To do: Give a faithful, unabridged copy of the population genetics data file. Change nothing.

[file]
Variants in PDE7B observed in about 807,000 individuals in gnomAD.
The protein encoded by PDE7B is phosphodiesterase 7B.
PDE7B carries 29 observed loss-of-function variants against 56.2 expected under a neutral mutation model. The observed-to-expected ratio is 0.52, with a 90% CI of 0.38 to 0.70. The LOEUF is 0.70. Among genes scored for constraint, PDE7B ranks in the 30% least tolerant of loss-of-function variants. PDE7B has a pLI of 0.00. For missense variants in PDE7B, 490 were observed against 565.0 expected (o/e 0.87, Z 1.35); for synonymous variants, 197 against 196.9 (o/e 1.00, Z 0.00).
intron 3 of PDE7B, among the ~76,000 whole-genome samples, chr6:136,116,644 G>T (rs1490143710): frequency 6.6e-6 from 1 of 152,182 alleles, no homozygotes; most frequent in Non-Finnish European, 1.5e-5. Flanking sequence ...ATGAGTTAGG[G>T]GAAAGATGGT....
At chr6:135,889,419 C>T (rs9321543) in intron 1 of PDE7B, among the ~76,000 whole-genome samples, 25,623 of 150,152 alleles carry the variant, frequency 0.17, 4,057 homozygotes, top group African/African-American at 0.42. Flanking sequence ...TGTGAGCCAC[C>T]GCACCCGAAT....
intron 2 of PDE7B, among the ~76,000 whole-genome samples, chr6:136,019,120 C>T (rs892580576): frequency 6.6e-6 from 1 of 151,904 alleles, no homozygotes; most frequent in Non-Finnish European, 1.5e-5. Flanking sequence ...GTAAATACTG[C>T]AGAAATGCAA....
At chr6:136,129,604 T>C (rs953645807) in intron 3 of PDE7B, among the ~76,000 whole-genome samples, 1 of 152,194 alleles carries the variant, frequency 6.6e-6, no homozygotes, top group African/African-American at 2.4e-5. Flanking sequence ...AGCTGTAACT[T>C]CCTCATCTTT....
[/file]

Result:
Variants in PDE7B observed in about 807,000 individuals in gnomAD.
The protein encoded by PDE7B is phosphodiesterase 7B.
PDE7B carries 29 observed loss-of-function variants against 56.2 expected under a neutral mutation model. The observed-to-expected ratio is 0.52, with a 90% CI of 0.38 to 0.70. The LOEUF is 0.70. Among genes scored for constraint, PDE7B ranks in the 30% least tolerant of loss-of-function variants. PDE7B has a pLI of 0.00. For missense variants in PDE7B, 490 were observed against 565.0 expected (o/e 0.87, Z 1.35); for synonymous variants, 197 against 196.9 (o/e 1.00, Z 0.00).
intron 3 of PDE7B, among the ~76,000 whole-genome samples, chr6:136,116,644 G>T (rs1490143710): frequency 6.6e-6 from 1 of 152,182 alleles, no homozygotes; most frequent in Non-Finnish European, 1.5e-5. Flanking sequence ...ATGAGTTAGG[G>T]GAAAGATGGT....
At chr6:135,889,419 C>T (rs9321543) in intron 1 of PDE7B, among the ~76,000 whole-genome samples, 25,623 of 150,152 alleles carry the variant, frequency 0.17, 4,057 homozygotes, top group African/African-American at 0.42. Flanking sequence ...TGTGAGCCAC[C>T]GCACCCGAAT....
intron 2 of PDE7B, among the ~76,000 whole-genome samples, chr6:136,019,120 C>T (rs892580576): frequency 6.6e-6 from 1 of 151,904 alleles, no homozygotes; most frequent in Non-Finnish European, 1.5e-5. Flanking sequence ...GTAAATACTG[C>T]AGAAATGCAA....
At chr6:136,129,604 T>C (rs953645807) in intron 3 of PDE7B, among the ~76,000 whole-genome samples, 1 of 152,194 alleles carries the variant, frequency 6.6e-6, no homozygotes, top group African/African-American at 2.4e-5. Flanking sequence ...AGCTGTAACT[T>C]CCTCATCTTT....